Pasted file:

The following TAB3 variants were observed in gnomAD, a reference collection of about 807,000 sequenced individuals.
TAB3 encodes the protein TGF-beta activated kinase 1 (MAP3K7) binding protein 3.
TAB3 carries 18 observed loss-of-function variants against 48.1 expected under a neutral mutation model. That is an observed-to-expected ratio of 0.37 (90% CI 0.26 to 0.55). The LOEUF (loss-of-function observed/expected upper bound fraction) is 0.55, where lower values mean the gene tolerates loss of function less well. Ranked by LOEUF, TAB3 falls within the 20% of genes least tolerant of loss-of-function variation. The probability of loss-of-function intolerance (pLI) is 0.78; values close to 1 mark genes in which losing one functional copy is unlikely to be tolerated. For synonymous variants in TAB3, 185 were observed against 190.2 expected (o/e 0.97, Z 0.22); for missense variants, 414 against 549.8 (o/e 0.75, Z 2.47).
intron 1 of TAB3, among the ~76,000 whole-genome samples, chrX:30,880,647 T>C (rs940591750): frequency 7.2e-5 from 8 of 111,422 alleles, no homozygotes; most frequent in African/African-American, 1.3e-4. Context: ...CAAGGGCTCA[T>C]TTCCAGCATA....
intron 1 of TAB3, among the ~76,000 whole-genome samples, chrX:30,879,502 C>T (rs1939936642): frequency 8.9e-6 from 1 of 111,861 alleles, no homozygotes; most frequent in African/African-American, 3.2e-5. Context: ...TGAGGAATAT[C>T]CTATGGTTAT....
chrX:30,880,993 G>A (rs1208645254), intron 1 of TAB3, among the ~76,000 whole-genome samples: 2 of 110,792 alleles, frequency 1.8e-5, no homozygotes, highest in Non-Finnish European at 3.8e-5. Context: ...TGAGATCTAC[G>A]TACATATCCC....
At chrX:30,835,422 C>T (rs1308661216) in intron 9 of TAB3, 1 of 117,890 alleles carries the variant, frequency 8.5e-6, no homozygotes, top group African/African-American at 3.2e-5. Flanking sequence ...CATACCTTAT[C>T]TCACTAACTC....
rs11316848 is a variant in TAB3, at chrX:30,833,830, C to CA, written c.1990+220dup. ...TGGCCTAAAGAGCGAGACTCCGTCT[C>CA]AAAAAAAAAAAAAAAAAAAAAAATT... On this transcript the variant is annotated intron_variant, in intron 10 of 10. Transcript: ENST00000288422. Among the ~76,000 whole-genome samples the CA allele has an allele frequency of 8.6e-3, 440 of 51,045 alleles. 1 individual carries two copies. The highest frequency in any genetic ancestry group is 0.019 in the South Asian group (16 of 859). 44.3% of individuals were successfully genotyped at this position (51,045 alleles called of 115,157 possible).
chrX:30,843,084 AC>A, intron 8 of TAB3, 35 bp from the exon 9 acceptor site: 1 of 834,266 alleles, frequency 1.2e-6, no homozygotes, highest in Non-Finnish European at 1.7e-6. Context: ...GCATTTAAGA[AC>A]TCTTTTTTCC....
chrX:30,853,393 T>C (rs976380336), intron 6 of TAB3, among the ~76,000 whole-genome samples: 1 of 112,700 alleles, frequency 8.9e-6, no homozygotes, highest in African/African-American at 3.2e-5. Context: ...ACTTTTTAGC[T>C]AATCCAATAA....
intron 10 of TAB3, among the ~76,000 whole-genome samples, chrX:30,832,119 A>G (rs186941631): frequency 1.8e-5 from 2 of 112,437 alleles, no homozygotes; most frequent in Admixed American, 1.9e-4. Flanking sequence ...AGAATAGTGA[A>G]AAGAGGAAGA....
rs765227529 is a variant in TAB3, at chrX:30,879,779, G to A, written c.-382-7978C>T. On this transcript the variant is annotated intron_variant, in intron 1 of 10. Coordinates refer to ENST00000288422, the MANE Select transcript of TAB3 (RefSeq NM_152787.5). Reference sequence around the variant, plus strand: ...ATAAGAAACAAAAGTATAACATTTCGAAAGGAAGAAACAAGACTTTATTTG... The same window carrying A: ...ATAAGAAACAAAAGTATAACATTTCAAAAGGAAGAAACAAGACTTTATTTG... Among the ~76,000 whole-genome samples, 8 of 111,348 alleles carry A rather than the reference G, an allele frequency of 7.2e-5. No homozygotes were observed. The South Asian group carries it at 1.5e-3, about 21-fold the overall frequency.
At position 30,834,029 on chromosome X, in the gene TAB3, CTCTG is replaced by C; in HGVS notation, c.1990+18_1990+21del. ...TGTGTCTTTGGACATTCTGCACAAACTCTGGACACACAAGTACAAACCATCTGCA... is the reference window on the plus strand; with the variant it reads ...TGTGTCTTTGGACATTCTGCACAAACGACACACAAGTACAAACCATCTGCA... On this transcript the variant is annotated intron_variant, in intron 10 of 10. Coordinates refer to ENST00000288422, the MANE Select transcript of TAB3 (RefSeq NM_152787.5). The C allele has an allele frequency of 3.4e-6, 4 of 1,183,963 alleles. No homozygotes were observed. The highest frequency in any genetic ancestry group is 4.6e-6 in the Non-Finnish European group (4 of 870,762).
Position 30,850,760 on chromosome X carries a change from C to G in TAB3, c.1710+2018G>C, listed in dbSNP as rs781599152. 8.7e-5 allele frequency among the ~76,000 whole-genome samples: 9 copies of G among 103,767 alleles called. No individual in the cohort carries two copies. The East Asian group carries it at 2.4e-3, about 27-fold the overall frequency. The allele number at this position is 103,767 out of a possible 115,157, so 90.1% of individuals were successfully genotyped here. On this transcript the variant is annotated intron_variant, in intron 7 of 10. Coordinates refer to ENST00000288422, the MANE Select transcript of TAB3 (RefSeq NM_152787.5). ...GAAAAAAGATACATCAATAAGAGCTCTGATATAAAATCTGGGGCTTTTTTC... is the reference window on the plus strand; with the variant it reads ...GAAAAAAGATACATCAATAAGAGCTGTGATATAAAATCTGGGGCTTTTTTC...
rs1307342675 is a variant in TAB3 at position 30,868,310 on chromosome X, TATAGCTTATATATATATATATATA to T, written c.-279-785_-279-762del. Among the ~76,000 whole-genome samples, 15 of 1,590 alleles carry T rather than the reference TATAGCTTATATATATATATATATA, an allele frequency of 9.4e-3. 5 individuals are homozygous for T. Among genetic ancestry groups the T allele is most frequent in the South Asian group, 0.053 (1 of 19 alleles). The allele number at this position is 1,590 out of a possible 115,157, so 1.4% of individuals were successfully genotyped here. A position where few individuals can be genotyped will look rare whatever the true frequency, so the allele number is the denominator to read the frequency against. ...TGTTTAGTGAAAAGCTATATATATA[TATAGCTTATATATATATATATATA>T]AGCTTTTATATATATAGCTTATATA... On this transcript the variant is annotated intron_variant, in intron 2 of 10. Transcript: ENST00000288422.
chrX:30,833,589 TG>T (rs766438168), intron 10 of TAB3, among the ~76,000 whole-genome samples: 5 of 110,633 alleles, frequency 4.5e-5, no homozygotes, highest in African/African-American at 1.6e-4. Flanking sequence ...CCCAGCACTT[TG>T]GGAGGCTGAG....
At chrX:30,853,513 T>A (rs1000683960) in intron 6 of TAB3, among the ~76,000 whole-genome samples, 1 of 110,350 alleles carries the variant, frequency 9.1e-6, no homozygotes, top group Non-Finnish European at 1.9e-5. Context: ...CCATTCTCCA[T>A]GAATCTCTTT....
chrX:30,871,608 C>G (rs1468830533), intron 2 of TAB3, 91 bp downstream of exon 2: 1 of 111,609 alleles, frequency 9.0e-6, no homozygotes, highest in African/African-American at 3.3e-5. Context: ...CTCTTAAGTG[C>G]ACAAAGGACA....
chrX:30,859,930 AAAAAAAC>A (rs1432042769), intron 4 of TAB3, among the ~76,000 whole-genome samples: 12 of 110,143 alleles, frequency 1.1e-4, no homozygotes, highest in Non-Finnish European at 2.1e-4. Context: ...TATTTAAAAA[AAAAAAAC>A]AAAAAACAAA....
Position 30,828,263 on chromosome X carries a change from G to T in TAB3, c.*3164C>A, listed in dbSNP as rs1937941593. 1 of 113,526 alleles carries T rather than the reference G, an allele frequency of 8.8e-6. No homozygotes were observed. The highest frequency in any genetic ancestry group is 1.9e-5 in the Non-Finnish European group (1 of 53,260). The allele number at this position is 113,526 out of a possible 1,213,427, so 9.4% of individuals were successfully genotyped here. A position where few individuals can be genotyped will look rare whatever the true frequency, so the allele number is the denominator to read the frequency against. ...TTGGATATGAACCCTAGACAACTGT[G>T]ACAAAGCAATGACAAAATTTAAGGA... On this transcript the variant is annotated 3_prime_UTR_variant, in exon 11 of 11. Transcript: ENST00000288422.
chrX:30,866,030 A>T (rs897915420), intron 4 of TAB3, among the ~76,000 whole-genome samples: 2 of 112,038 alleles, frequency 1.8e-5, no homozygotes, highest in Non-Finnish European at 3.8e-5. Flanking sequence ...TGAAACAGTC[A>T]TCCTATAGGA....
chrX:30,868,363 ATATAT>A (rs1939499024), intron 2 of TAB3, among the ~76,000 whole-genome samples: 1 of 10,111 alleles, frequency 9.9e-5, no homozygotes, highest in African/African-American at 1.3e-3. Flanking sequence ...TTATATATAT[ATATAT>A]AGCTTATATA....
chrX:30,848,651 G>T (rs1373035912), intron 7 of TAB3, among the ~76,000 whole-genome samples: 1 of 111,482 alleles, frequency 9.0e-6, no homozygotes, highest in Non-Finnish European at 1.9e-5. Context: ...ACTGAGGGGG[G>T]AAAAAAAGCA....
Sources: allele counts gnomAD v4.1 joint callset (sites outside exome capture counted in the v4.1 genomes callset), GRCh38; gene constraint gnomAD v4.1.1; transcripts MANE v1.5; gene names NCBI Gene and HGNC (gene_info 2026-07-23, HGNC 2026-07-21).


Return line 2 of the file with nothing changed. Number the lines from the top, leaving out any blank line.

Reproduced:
TAB3 encodes the protein TGF-beta activated kinase 1 (MAP3K7) binding protein 3.